In a systematic review and meta-analysis, Fang and colleagues looked at whether corticosteroids were associated with a decrease in 28-day mortality in adult patients with sepsis, severe sepsis, or septic shock. The review included 37 randomized control studies with 9,564 patients meeting inclusion criteria.20 The results showed an association between improved 28-day mortality and corticosteroid use with a relative risk, 0.90; 95% CI, 0.82-0.98.20 However, no statistically significant improvement was found in 90-day mortality (relative risk, 0.94; 95% CI, 0.85-1.03).20 In other words, corticosteroids were associated with significant benefit for both ICU and in-hospital 28-day mortality. Other findings that may be associated with corticosteroid use include shock reversal and vasopressor-free days, decreased ICU length of stay, time to resolution of shock, and SOFA score.20

Take-home points for this study: Corticosteroids were associated with a reduced 28-day mortality in adults with sepsis, severe sepsis, and septic shock.20 There is some suggestion from this analysis that low-dose corticosteroids and a longer course of therapy may be better.20 What we still do not know is the optimal strategy for administering corticosteroids, including optimal dosing for patients with sepsis. Additional research is needed to find the correct risk-benefit ratio.

Fluids. There is tremendous debate about whether resuscitation with 30 mL/kg of crystalloid fluids is appropriate for all patients with sepsis based on recent sepsis guidelines who are hypotensive or who have an elevated serum lactate level (4 mmol/L or greater; normal, 0.5-1 mmol/L).3,21-23 Many clinicians cite safety concerns for patients with heart failure or renal failure.21

Corl and colleagues designed a randomized control pilot study in two hospitals to compare outcomes in patients treated with a restrictive fluid resuscitation strategy (60 mL/kg or less of I.V. fluid) versus those receiving higher-volume resuscitation.24 Patients with severe sepsis or septic shock were randomized in ED triage after an initial 1,000 mL of I.V. fluid to either a restrictive fluid strategy (55 patients) or usual care (54 patients) for the first 72 hours of treatment.24 The results showed no difference in 30-day mortality outcomes between the two groups (21.8% versus 22.2%).24 The restrictive fluid group received statistically significantly less fluid in the first 72 hours than the usual care group (3,785 ± 1,167 versus 5,150 ± 2,421, P < .0001).24 No differences were found between the two groups in development of new organ failure, hospital or ICU length of stay, or serious adverse events.24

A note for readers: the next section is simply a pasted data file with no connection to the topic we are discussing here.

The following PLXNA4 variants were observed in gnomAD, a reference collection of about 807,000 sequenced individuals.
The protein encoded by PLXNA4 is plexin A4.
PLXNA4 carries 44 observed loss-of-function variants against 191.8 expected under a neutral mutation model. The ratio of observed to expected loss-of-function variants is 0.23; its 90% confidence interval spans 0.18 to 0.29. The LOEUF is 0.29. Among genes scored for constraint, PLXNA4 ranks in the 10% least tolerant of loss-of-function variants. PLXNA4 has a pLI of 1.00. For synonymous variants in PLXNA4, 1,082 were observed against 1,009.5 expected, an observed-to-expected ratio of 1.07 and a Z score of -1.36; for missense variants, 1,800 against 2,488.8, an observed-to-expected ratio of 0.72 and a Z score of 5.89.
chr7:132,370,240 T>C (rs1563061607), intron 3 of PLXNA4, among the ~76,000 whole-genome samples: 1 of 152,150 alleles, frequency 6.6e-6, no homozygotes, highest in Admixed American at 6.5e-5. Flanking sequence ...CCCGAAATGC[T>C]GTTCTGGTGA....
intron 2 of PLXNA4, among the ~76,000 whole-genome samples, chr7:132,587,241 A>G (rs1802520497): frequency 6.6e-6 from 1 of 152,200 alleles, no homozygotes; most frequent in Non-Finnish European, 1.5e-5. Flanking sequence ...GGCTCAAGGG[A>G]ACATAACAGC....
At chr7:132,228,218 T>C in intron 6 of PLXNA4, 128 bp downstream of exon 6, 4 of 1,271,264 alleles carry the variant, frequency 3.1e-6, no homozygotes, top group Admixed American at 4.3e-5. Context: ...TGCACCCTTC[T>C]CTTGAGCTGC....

Take-home points for this study: A restrictive fluid strategy in this small pilot study reduced the volume of fluid administered in patients with severe sepsis and septic shock without increase in mortality, organ failure, length of stay, or adverse events. This was a pilot study and was not intended to be conclusive but to test the concept in a small group. A larger study is planned to address the question of restrictive fluids.24 In addition, the Crystalloid Liberal or Vasopressors Early Resuscitation in Sepsis (CLOVERS) study is currently underway. This study is designed to add to the body of evidence regarding fluid resucitation.25

Another study also looked at fluid resuscitation and outcomes to identify predictors of reaching the sepsis guideline goals for fluid resuscitation and examined the effects on clinical outcomes, including at-risk populations.26 In a retrospective cohort study conducted in one ED, Kuttab and colleagues compared patients with severe sepsis or septic shock who had received 30 mL/kg of fluid resuscitation in the first 3 hours (509 patients) versus patients (523 patients) who never received resuscitation fluids or for whom fluids were delayed.26 The results showed that certain patients were less likely to receive 30 mL/kg crystalloid bolus within 3 hours (30by3) sepsis onset: those who were older adults (odds ratio [OR], 0.62; 95%, 0.46-0.83), male (OR, 0.66; 95%, 0.49-0.87), obese (OR, 0.18; 95%, 0.13-0.25), had end-stage renal failure (OR, 0.23; 95%, 0.13-0.40), had heart failure (OR, 0.42; 95%, 0.29-0.60), or documented fluid overload (OR, 0.30; 95%, 0.20-0.45). Patients who did not meet 30by3 had increased odds of mortality (OR, 1.52; 95%, 1.03-2.24), delayed hypotension (OR, 1.42; 95%, 1.02-1.99), and increased ICU length of stay (regression coefficient, 2; 0.5-3.6).

Take-home points for this study: Patients with severe sepsis or septic shock who failed to meet a 30by3 fluid resuscitation strategy had increased odds of in-hospital mortality regardless of associated comorbidities such as end-stage renal failure and heart failure. Because this study was retrospective and homogeneous (limited to the population of one ED), additional prospective studies are needed to confirm the association. It does add knowledge to the discussion whether 30 mL/kg is safe for all patient populations with sepsis who meet criteria for fluid resuscitation.

Restoration of perfusion